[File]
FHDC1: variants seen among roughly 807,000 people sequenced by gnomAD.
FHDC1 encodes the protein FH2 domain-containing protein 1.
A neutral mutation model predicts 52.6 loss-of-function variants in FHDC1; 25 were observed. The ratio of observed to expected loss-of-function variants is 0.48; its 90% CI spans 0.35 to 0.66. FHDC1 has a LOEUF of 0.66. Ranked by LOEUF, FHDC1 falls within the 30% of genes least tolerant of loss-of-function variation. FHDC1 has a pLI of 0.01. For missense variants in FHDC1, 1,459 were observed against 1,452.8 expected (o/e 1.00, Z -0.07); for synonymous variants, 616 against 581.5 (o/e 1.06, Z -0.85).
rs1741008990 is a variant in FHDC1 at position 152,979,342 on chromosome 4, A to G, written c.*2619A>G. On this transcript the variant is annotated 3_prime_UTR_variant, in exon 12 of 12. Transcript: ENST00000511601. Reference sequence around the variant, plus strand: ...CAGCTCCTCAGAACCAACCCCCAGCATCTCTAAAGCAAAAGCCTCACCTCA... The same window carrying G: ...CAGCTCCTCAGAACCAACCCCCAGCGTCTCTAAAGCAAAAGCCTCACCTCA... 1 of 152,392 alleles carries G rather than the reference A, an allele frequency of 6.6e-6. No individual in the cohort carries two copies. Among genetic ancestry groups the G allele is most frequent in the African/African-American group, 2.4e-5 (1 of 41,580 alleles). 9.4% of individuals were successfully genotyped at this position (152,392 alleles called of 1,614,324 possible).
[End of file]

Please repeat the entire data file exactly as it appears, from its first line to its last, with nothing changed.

FHDC1: variants seen among roughly 807,000 people sequenced by gnomAD.
FHDC1 encodes the protein FH2 domain-containing protein 1.
A neutral mutation model predicts 52.6 loss-of-function variants in FHDC1; 25 were observed. The ratio of observed to expected loss-of-function variants is 0.48; its 90% CI spans 0.35 to 0.66. FHDC1 has a LOEUF of 0.66. Ranked by LOEUF, FHDC1 falls within the 30% of genes least tolerant of loss-of-function variation. FHDC1 has a pLI of 0.01. For missense variants in FHDC1, 1,459 were observed against 1,452.8 expected (o/e 1.00, Z -0.07); for synonymous variants, 616 against 581.5 (o/e 1.06, Z -0.85).
rs1741008990 is a variant in FHDC1 at position 152,979,342 on chromosome 4, A to G, written c.*2619A>G. On this transcript the variant is annotated 3_prime_UTR_variant, in exon 12 of 12. Transcript: ENST00000511601. Reference sequence around the variant, plus strand: ...CAGCTCCTCAGAACCAACCCCCAGCATCTCTAAAGCAAAAGCCTCACCTCA... The same window carrying G: ...CAGCTCCTCAGAACCAACCCCCAGCGTCTCTAAAGCAAAAGCCTCACCTCA... 1 of 152,392 alleles carries G rather than the reference A, an allele frequency of 6.6e-6. No individual in the cohort carries two copies. Among genetic ancestry groups the G allele is most frequent in the African/African-American group, 2.4e-5 (1 of 41,580 alleles). 9.4% of individuals were successfully genotyped at this position (152,392 alleles called of 1,614,324 possible).